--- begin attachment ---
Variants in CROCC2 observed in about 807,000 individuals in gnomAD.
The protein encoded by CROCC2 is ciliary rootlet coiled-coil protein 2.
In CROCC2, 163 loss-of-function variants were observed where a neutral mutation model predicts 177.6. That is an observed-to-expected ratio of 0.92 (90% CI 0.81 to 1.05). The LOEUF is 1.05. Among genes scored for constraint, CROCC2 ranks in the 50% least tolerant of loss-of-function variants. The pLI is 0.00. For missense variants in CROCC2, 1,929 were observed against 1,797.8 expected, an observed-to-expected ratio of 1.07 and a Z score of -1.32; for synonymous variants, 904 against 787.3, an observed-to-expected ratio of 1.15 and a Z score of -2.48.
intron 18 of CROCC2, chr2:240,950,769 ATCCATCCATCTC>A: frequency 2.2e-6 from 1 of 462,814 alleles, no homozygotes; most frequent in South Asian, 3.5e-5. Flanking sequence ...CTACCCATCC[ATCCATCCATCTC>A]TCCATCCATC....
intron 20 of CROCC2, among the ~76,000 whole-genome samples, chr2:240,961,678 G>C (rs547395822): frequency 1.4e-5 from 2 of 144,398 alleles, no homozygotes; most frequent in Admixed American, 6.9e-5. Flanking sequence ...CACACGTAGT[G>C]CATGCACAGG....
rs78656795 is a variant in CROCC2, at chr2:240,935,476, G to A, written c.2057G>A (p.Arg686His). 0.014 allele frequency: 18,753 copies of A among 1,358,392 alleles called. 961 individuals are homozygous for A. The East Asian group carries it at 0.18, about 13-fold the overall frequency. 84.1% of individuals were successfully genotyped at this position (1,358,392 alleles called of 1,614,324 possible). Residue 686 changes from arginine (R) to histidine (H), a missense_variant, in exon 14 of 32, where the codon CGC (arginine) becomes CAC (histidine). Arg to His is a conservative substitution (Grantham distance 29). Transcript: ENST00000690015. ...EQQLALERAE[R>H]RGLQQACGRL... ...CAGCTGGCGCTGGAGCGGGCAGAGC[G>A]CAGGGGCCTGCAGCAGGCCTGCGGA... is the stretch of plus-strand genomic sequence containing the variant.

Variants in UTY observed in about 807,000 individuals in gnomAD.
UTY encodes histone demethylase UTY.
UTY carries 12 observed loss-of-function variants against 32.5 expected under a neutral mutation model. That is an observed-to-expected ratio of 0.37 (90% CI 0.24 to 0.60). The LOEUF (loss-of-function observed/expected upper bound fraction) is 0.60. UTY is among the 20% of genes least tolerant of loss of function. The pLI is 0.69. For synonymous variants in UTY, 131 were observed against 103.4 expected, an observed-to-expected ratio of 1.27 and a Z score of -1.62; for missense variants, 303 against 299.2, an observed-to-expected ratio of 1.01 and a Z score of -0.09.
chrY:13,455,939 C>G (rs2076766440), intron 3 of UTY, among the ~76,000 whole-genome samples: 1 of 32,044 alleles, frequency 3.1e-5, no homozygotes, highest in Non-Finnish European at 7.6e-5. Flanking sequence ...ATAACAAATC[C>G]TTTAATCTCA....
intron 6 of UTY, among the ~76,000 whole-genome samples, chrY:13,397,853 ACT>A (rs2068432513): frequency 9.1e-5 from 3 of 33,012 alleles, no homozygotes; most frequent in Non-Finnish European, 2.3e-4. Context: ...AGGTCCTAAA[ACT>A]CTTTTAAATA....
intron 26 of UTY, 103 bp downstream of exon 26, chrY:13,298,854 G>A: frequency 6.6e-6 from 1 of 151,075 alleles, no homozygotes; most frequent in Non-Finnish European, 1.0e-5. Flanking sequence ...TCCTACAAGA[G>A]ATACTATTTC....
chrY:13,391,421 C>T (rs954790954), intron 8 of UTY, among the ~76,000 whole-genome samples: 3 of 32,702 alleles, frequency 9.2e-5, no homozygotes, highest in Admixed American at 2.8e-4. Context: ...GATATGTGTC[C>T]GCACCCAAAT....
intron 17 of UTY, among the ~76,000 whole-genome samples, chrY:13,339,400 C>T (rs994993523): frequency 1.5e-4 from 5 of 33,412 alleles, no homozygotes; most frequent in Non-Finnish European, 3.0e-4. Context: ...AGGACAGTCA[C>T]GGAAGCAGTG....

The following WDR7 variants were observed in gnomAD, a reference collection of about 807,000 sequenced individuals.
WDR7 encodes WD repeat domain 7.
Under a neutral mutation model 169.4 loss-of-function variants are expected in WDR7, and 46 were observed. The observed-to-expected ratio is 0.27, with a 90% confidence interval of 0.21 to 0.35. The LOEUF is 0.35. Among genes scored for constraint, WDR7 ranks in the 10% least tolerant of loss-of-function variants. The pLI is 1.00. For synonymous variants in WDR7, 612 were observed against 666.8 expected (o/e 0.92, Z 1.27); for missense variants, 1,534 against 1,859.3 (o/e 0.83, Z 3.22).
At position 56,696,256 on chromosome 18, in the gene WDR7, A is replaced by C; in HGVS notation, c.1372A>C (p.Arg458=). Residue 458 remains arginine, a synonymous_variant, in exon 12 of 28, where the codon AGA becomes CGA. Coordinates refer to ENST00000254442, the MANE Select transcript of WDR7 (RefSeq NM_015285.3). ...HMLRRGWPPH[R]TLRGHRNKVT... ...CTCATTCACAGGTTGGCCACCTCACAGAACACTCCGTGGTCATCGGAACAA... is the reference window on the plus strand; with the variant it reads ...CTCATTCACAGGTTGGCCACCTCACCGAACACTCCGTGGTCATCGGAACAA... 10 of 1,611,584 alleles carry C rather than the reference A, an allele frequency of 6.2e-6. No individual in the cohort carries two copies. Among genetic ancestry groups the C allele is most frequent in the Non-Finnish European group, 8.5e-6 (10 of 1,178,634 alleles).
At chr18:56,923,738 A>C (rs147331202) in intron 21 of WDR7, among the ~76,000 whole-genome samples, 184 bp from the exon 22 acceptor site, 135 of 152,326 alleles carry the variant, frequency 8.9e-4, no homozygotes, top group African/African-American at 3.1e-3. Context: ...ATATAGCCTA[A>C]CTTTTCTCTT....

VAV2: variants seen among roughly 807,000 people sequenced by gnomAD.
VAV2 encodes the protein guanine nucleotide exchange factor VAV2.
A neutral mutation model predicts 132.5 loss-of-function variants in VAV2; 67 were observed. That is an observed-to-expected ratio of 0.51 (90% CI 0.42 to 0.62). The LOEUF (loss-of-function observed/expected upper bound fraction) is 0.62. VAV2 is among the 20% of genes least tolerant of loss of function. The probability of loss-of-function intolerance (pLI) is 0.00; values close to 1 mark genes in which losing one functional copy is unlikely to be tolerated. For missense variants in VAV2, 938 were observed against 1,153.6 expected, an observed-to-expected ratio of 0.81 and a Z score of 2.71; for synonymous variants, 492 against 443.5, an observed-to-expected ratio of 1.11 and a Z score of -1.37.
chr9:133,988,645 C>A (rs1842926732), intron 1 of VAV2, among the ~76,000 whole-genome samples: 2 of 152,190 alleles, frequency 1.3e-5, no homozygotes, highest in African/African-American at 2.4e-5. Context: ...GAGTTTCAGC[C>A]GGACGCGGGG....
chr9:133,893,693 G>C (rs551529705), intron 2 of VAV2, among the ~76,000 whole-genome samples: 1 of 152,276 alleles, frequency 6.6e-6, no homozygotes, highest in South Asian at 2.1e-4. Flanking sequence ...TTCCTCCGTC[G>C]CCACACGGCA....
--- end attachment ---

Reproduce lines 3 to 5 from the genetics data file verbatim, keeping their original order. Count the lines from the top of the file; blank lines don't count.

In CROCC2, 163 loss-of-function variants were observed where a neutral mutation model predicts 177.6. That is an observed-to-expected ratio of 0.92 (90% CI 0.81 to 1.05). The LOEUF is 1.05. Among genes scored for constraint, CROCC2 ranks in the 50% least tolerant of loss-of-function variants. The pLI is 0.00. For missense variants in CROCC2, 1,929 were observed against 1,797.8 expected, an observed-to-expected ratio of 1.07 and a Z score of -1.32; for synonymous variants, 904 against 787.3, an observed-to-expected ratio of 1.15 and a Z score of -2.48.
intron 18 of CROCC2, chr2:240,950,769 ATCCATCCATCTC>A: frequency 2.2e-6 from 1 of 462,814 alleles, no homozygotes; most frequent in South Asian, 3.5e-5. Flanking sequence ...CTACCCATCC[ATCCATCCATCTC>A]TCCATCCATC....
intron 20 of CROCC2, among the ~76,000 whole-genome samples, chr2:240,961,678 G>C (rs547395822): frequency 1.4e-5 from 2 of 144,398 alleles, no homozygotes; most frequent in Admixed American, 6.9e-5. Flanking sequence ...CACACGTAGT[G>C]CATGCACAGG....